NORFOLK, Va. (NNS) -- A Post-Enlisted Retention Board (ERB) Fleet Engagement team is holding transition briefs for ERB-affected Sailors, their families and command leadership at Hampton Roads installations March 5-9.
The briefs are intended to illustrate how the ERB process was conducted with fairness, equity and integrity and how affected Sailors are afforded opportunities to assist in their transition to civilian life.
During the brief, Capt. Steve Holmes, director of Military Community Management, discussed the ERB process. There were a total of 31 ratings at a manning level of 103 percent or more in FY-12, said Holmes. A quota was then calculated within those ratings to determine how many Sailors could be retained based on pay grade and years of service. To be ERB eligible Sailors had to have completed no less than seven, but no more than 15 years of service.
Holmes explained that with record high retention and low attrition force management tools such as the Enlisted Early Transition and the Perform to Serve (PTS) programs were not producing needed resultsNavy needed to rebalance the force .
Holmes said ERB is not a punishment. Sailors not selected for retention did not necessarily have negative bullets on their evaluations.
"This was a game of numbers and their numbers were simply not as high as others in their competitive group," said Holmes.
The second half of the brief highlighted benefits and transition assistance programs available to those affected by the ERB. Sailors who continue to serve in the Navy Reserve for at least three years beyond their initial military service obligation are eligible to receive full involuntary separation pay (ISP). Once a Sailor is deemed ineligible for retention, they are ineligible for advancement. Joining the Navy Reserve would give them the opportunity to continue to serve and still retire at the age of 60 with 20 years of combined active duty and Reserve service.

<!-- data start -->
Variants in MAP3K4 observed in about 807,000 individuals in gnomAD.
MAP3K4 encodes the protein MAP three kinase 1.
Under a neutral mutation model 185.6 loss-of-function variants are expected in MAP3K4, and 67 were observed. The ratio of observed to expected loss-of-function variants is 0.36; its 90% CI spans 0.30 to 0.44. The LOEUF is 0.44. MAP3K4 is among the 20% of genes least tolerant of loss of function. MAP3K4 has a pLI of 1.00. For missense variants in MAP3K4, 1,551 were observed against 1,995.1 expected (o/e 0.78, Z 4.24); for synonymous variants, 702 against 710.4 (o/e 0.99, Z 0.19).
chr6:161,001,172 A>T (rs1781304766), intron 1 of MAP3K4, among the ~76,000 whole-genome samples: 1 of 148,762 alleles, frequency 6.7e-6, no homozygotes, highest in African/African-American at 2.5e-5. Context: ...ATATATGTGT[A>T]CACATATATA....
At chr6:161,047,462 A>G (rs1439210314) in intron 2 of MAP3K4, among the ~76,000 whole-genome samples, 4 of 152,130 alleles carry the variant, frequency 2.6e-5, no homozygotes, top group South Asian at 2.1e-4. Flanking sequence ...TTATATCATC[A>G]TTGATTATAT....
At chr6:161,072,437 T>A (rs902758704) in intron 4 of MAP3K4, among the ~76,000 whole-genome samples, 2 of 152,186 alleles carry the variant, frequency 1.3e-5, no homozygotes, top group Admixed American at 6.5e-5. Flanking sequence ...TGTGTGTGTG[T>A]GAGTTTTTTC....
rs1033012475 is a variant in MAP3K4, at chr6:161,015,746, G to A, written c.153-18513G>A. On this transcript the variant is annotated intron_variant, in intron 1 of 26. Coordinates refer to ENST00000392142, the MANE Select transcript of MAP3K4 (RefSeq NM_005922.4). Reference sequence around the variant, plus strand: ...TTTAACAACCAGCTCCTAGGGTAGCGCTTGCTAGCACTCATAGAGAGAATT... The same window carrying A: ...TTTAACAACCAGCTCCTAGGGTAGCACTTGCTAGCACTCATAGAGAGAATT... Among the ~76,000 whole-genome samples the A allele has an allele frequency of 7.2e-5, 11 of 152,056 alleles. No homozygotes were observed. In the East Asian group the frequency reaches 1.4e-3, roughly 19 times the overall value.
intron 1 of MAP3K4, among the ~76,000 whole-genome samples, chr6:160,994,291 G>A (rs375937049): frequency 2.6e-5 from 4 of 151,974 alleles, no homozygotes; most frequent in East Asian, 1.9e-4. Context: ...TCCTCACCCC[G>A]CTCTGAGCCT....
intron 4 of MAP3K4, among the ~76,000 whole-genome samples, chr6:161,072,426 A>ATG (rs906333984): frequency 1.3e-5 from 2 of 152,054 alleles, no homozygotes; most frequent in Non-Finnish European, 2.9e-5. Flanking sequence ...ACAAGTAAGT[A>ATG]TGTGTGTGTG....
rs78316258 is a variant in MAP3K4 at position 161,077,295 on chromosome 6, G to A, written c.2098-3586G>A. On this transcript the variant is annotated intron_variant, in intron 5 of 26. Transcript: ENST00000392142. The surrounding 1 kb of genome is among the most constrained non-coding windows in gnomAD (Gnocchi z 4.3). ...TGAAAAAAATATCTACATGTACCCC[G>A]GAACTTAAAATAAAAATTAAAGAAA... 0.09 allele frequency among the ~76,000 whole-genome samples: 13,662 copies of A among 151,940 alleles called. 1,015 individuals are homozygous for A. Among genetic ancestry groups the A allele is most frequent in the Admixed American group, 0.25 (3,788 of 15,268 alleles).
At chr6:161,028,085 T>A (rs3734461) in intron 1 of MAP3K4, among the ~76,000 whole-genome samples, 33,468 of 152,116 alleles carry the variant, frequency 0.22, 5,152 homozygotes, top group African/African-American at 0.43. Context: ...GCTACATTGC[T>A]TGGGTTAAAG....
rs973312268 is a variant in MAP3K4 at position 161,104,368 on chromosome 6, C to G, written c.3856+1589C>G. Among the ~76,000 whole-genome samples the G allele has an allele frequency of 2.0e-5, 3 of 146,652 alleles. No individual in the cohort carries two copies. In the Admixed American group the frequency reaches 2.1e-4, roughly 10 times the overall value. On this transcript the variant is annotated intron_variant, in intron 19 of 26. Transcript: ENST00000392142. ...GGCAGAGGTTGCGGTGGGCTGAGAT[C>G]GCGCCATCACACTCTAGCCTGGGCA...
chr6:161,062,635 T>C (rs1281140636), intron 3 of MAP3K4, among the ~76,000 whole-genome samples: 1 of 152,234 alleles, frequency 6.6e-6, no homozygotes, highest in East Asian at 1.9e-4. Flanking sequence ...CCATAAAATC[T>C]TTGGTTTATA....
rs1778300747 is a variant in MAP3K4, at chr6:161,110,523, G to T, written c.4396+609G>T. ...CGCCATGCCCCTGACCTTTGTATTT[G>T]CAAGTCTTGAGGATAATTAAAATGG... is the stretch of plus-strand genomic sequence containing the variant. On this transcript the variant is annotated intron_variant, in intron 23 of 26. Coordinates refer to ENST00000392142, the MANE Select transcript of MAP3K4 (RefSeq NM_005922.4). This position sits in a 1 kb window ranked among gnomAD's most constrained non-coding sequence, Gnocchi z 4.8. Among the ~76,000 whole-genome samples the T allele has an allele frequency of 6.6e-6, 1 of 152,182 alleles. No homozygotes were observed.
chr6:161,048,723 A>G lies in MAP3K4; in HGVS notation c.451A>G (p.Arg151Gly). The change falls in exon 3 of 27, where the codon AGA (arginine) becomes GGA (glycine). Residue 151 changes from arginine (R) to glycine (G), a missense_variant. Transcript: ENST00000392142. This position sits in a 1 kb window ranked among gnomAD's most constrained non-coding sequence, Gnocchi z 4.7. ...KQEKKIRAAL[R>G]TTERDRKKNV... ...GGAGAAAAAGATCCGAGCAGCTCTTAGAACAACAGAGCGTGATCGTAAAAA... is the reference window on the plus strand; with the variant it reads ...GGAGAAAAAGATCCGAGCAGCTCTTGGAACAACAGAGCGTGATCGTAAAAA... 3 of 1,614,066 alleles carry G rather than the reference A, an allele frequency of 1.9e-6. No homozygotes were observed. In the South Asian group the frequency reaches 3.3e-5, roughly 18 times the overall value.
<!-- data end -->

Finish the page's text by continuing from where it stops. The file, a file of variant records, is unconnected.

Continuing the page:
Sailors separating as a result of ERB are eligible for enhanced transition assistance benefits including the services of Challenger, Gray and Christmas, an employment outplacement firm contracted to assist Sailors transitioning into the civilian workforce.
Holmes said many Sailors do not realize the value of the education and training they have obtained during their time in the Navy.
"You [ERB-affected personnel] possess a lot of skills folks on the outside are looking for," said Holmes.
Before Sailors transition to the civilian world, there are steps they must complete to properly separate from the Navy. Jean Kelley, Naval Station Norfolk director of Personal Support Detachment was present at the brief held on board Naval Station Norfolk to provide information to affected Sailors and their families. Kelley insisted Sailors be persistent when filing paperwork and never assume something is being taken care of.
"This is your career, this is your future, this is your money so you need to make sure you follow up every step of the way," said Kelley.
Holmes said currently, the Navy does not expect an ERB for FY-13 or FY-14.
For additional information about benefits or updates to ERB transition assistance, visit http://www.public.navy.mil/bupers-npc/boards/ERB/Pages/TransitionInfo.aspx.
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